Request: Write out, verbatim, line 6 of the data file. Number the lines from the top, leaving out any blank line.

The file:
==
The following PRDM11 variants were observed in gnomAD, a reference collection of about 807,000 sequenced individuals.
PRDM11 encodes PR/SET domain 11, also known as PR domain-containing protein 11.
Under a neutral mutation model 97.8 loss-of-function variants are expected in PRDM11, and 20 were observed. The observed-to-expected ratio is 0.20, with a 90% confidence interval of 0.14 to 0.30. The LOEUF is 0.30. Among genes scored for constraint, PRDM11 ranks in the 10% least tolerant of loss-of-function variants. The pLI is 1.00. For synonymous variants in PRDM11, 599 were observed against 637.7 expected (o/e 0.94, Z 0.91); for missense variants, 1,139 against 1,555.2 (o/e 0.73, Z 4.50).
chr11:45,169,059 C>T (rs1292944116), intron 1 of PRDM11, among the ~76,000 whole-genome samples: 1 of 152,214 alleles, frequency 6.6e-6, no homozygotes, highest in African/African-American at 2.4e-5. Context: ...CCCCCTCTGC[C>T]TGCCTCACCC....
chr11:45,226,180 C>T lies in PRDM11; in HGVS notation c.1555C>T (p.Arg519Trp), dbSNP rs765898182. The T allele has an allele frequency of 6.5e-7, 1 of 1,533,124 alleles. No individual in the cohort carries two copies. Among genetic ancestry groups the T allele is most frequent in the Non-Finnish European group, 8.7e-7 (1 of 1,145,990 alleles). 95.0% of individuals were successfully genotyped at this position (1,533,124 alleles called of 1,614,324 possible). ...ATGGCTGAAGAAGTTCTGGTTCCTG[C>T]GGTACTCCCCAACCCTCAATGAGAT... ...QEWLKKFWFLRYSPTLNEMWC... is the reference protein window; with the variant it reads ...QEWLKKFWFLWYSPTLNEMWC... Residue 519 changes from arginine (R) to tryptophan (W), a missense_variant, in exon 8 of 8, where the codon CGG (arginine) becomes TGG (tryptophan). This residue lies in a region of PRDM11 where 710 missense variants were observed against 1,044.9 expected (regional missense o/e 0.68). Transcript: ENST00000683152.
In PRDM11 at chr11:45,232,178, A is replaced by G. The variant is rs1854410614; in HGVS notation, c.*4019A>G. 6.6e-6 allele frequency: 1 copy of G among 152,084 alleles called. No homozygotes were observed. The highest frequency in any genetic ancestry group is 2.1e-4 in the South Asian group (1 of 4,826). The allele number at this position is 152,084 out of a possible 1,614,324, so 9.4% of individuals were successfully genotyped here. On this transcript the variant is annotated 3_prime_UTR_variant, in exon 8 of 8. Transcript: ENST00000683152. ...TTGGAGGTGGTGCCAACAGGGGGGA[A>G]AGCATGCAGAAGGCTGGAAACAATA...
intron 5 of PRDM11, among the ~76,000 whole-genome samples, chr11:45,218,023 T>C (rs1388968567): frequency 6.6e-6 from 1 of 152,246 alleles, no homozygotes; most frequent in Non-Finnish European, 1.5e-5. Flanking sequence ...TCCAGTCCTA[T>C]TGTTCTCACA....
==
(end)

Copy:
In PRDM11 at chr11:45,232,178, A is replaced by G. The variant is rs1854410614; in HGVS notation, c.*4019A>G. 6.6e-6 allele frequency: 1 copy of G among 152,084 alleles called. No homozygotes were observed. The highest frequency in any genetic ancestry group is 2.1e-4 in the South Asian group (1 of 4,826). The allele number at this position is 152,084 out of a possible 1,614,324, so 9.4% of individuals were successfully genotyped here. On this transcript the variant is annotated 3_prime_UTR_variant, in exon 8 of 8. Transcript: ENST00000683152. ...TTGGAGGTGGTGCCAACAGGGGGGA[A>G]AGCATGCAGAAGGCTGGAAACAATA...